All of the deforestation studies prior to 2000 used unreliable measures of forest losses gathered using different procedures from country to country . The availability of multi-scalar, remote-sensing-based measures of forest loss after 2000 eliminated this source of measurement error. The multi-scalar measures were developed through a two-step procedure in which lower resolution MODIS (moderate resolution imaging spectroradiometer) imagery was used to classify biomes into areas with different degrees of land cover change and then higher resolution Landsat imagery was used to generate estimates of deforestation for each area. Extrapolations then generated estimates of forest loss for larger areas . The data first became available for the 2000–2005 period and their superiority over previous measures explains why this study focuses on forest cover change during the 2000–2005 period. The same data make it possible to estimate the carbon stock density of forests in countries [19,20]. These estimates include above- and below-ground carbon, and they vary with climate. Dry, open forests typically have much lower carbon densities than do humid, closed canopy forests. These measures of carbon stocks are particularly important for studying the drivers of deforestation in SSA, because they provide a way of distinguishing between processes involving denser, more humid forests and those involving the less dense, dry woodland forests so prevalent in African settings.3
While the MODIS data represent a distinct improvement over previous national-level deforestation data, the coarse-grained resolution of the MODIS data could produce erroneous national estimates, especially in the smaller- to medium-sized countries with fewer pixels. Acknowledging this potential source of error, the conceivable salience of macro-scale determinants of deforestation in SSA argue for doing an analysis of the cross-national variations in the MODIS deforestation data. The measures for the variables in these multivariate analyses and the sources for these data are listed in table 1.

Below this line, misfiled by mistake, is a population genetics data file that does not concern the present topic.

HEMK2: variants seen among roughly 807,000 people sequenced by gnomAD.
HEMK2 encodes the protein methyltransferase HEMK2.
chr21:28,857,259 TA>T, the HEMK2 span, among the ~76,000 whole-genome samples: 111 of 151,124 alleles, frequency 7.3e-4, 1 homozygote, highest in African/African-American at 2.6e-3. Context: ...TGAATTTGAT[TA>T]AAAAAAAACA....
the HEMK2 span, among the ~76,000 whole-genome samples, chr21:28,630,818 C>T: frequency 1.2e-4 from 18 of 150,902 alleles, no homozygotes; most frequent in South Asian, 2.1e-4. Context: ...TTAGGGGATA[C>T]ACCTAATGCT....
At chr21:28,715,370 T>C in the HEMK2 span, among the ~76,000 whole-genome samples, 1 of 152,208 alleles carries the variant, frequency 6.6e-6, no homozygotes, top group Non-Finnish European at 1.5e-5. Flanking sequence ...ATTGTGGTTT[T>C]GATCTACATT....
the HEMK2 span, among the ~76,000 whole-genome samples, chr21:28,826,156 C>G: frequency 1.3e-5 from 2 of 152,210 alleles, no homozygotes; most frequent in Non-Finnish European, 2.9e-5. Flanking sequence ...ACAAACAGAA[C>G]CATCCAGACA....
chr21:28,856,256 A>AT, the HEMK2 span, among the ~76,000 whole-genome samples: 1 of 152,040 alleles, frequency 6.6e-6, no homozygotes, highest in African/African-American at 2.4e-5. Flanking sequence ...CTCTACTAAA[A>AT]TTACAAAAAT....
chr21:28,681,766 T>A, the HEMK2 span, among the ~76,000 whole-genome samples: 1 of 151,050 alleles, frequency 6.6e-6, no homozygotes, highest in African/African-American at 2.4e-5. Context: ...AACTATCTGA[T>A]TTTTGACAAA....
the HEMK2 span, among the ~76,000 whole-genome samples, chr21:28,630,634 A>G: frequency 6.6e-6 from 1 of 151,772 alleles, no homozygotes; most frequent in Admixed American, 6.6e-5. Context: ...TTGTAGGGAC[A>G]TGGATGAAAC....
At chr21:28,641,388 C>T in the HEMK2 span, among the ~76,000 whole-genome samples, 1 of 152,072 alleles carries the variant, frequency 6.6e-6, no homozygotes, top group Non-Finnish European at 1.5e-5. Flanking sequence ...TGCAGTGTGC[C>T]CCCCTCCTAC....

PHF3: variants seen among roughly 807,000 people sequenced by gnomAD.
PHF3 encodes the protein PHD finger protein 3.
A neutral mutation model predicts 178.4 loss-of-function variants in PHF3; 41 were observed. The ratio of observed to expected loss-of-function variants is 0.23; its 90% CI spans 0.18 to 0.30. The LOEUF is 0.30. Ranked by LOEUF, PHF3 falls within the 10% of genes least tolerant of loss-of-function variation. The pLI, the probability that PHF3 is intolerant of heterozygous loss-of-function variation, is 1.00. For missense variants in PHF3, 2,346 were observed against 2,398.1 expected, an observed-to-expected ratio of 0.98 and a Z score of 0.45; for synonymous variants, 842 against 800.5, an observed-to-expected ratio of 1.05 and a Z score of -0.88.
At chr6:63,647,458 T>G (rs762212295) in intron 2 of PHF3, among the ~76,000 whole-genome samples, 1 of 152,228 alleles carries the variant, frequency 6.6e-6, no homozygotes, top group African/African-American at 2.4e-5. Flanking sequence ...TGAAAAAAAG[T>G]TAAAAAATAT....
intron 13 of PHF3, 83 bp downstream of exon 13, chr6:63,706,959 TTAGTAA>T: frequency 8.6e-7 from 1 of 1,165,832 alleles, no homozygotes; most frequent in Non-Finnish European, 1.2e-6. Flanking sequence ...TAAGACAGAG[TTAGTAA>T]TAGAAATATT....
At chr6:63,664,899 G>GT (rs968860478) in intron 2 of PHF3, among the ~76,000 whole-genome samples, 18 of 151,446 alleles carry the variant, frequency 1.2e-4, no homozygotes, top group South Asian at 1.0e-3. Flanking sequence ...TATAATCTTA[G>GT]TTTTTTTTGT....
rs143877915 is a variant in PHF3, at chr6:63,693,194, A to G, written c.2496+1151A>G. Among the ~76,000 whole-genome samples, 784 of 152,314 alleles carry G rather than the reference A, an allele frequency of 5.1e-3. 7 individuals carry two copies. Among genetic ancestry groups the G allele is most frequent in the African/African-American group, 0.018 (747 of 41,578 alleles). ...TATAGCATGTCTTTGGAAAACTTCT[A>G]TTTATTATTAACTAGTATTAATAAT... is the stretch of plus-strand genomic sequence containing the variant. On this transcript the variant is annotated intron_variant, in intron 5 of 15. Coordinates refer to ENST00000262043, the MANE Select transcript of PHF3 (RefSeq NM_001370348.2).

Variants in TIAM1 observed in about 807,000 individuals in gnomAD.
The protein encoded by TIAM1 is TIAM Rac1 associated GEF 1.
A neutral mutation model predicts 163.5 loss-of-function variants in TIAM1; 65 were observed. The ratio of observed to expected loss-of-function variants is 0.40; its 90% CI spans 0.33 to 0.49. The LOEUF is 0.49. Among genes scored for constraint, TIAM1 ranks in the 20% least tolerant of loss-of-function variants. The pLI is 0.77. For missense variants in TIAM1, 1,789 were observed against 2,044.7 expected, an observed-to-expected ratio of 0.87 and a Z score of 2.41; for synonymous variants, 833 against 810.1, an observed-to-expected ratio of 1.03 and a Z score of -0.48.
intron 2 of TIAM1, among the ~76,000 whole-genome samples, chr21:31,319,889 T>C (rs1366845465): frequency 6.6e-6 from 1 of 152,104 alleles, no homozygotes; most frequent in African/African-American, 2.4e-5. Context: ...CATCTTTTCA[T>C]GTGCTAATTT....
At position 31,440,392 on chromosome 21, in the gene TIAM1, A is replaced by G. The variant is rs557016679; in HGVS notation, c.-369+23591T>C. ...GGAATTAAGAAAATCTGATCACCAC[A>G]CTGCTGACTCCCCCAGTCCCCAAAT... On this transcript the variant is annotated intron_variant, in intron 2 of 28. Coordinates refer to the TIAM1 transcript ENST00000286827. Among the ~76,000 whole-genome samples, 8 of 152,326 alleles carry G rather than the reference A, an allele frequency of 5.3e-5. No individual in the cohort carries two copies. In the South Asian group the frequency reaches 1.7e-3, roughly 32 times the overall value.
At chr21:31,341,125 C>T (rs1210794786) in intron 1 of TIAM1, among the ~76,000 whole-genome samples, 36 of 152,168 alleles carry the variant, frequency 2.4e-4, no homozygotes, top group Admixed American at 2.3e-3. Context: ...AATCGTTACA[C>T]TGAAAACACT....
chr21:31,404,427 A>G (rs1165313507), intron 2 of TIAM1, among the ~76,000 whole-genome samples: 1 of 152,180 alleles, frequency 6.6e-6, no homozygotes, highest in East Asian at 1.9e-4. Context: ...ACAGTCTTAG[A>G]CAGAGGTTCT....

The analysis presented in table 3 regresses a series of independent variables that represent different aspects of the causal arguments presented above on variations across nations in deforestation rates. In effect, the equation represents an inventory of causes. The independent variables all represent conditions before 2000, whereas the dependent variable represents processes occurring during the 2000–2005 period, so the equations do not exhibit simultaneity biases. The univariate Moran's I for the deforestation variable was 0.252, so some spatial autocorrelation did characterize the deforestation data. For this reason, the analyses in table 3 use spatially lagged regression models that allow for deforestation in one spot during one period to create deforestation in adjacent spots in subsequent periods.4 The dataset for these analyses is available in the electronic supplementary material.
Table 2 outlines major subregional differences in land cover and societal trends in SSA. It distinguishes between the nations with more humid forests in Central Africa and the surrounding nations in eastern, western and southern Africa that contain mostly dry forests. The Democratic Republic of the Congo (DRC) merits its own entry because it is so large relative to the other countries and represents an unusual combination of extremely poor people living amid mineral riches and extensive rainforests. As indicated by the differences in carbon stock densities (row 1, table 2), the South, East and West African nations contain a preponderance of the sparser, dry forests. They exhibited higher deforestation rates during the 2000–2005 period, contained larger areas of lands unsuitable for agriculture (too arid), lower rates of population growth and less urbanized populations. Their economies also depended less on receipts for oil and gas than did the economies of Central Africa. While the Central African nations (row 2, table 2) contained a preponderance of the continent's humid tropical forests (see the carbon stock densities), elevated receipts from mineral trade, more urbanized populations and lower deforestation rates than elsewhere in SSA, the DRC (row 3, table 2) deviated from the Central African pattern in important ways, in particular in the continued poverty of its population.